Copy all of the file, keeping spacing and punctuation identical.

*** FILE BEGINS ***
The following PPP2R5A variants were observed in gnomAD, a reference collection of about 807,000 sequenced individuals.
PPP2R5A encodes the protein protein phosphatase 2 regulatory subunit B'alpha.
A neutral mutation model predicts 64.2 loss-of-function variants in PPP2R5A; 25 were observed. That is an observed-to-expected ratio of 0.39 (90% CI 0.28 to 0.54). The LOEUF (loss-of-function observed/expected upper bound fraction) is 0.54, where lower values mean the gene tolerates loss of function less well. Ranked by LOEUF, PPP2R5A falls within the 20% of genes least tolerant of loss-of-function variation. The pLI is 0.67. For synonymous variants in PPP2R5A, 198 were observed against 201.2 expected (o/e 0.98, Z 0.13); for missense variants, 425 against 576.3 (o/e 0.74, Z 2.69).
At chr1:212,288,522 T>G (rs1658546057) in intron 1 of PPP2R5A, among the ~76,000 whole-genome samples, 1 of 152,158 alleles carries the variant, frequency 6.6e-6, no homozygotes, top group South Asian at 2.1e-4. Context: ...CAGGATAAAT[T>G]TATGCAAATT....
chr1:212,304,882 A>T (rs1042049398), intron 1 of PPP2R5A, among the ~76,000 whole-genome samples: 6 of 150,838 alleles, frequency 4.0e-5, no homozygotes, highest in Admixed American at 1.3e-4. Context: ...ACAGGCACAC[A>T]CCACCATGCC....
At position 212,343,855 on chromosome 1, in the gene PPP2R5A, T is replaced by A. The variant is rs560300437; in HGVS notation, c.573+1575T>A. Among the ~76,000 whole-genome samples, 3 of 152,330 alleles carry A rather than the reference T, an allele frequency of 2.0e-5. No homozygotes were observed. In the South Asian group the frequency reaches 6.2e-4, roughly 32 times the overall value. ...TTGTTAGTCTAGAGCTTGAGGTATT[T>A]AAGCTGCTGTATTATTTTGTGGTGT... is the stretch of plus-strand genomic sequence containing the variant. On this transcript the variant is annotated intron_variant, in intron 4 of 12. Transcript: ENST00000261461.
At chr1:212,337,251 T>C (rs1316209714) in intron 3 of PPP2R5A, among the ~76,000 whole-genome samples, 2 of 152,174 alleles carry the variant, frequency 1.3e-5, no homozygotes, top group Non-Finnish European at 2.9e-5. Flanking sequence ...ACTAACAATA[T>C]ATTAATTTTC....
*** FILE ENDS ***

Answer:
The following PPP2R5A variants were observed in gnomAD, a reference collection of about 807,000 sequenced individuals.
PPP2R5A encodes the protein protein phosphatase 2 regulatory subunit B'alpha.
A neutral mutation model predicts 64.2 loss-of-function variants in PPP2R5A; 25 were observed. That is an observed-to-expected ratio of 0.39 (90% CI 0.28 to 0.54). The LOEUF (loss-of-function observed/expected upper bound fraction) is 0.54, where lower values mean the gene tolerates loss of function less well. Ranked by LOEUF, PPP2R5A falls within the 20% of genes least tolerant of loss-of-function variation. The pLI is 0.67. For synonymous variants in PPP2R5A, 198 were observed against 201.2 expected (o/e 0.98, Z 0.13); for missense variants, 425 against 576.3 (o/e 0.74, Z 2.69).
At chr1:212,288,522 T>G (rs1658546057) in intron 1 of PPP2R5A, among the ~76,000 whole-genome samples, 1 of 152,158 alleles carries the variant, frequency 6.6e-6, no homozygotes, top group South Asian at 2.1e-4. Context: ...CAGGATAAAT[T>G]TATGCAAATT....
chr1:212,304,882 A>T (rs1042049398), intron 1 of PPP2R5A, among the ~76,000 whole-genome samples: 6 of 150,838 alleles, frequency 4.0e-5, no homozygotes, highest in Admixed American at 1.3e-4. Context: ...ACAGGCACAC[A>T]CCACCATGCC....
At position 212,343,855 on chromosome 1, in the gene PPP2R5A, T is replaced by A. The variant is rs560300437; in HGVS notation, c.573+1575T>A. Among the ~76,000 whole-genome samples, 3 of 152,330 alleles carry A rather than the reference T, an allele frequency of 2.0e-5. No homozygotes were observed. In the South Asian group the frequency reaches 6.2e-4, roughly 32 times the overall value. ...TTGTTAGTCTAGAGCTTGAGGTATT[T>A]AAGCTGCTGTATTATTTTGTGGTGT... is the stretch of plus-strand genomic sequence containing the variant. On this transcript the variant is annotated intron_variant, in intron 4 of 12. Transcript: ENST00000261461.
At chr1:212,337,251 T>C (rs1316209714) in intron 3 of PPP2R5A, among the ~76,000 whole-genome samples, 2 of 152,174 alleles carry the variant, frequency 1.3e-5, no homozygotes, top group Non-Finnish European at 2.9e-5. Flanking sequence ...ACTAACAATA[T>C]ATTAATTTTC....